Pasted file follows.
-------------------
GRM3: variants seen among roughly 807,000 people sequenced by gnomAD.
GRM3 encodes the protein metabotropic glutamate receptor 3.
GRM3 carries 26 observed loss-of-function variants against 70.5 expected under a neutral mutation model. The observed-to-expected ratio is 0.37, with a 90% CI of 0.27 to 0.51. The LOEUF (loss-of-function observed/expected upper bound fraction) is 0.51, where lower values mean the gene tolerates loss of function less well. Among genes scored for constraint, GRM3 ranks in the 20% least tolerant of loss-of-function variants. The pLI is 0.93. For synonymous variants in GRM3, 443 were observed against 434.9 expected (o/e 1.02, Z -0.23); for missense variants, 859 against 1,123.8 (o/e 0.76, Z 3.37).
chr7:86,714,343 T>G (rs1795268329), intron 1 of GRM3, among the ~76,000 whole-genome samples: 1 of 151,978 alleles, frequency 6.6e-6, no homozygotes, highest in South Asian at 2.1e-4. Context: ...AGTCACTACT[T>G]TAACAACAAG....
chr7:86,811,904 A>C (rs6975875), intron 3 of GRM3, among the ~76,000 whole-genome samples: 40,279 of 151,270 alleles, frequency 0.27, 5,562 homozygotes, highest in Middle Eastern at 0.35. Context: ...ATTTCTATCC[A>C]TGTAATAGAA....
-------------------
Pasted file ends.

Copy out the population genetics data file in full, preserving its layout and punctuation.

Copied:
GRM3: variants seen among roughly 807,000 people sequenced by gnomAD.
GRM3 encodes the protein metabotropic glutamate receptor 3.
GRM3 carries 26 observed loss-of-function variants against 70.5 expected under a neutral mutation model. The observed-to-expected ratio is 0.37, with a 90% CI of 0.27 to 0.51. The LOEUF (loss-of-function observed/expected upper bound fraction) is 0.51, where lower values mean the gene tolerates loss of function less well. Among genes scored for constraint, GRM3 ranks in the 20% least tolerant of loss-of-function variants. The pLI is 0.93. For synonymous variants in GRM3, 443 were observed against 434.9 expected (o/e 1.02, Z -0.23); for missense variants, 859 against 1,123.8 (o/e 0.76, Z 3.37).
chr7:86,714,343 T>G (rs1795268329), intron 1 of GRM3, among the ~76,000 whole-genome samples: 1 of 151,978 alleles, frequency 6.6e-6, no homozygotes, highest in South Asian at 2.1e-4. Context: ...AGTCACTACT[T>G]TAACAACAAG....
chr7:86,811,904 A>C (rs6975875), intron 3 of GRM3, among the ~76,000 whole-genome samples: 40,279 of 151,270 alleles, frequency 0.27, 5,562 homozygotes, highest in Middle Eastern at 0.35. Context: ...ATTTCTATCC[A>C]TGTAATAGAA....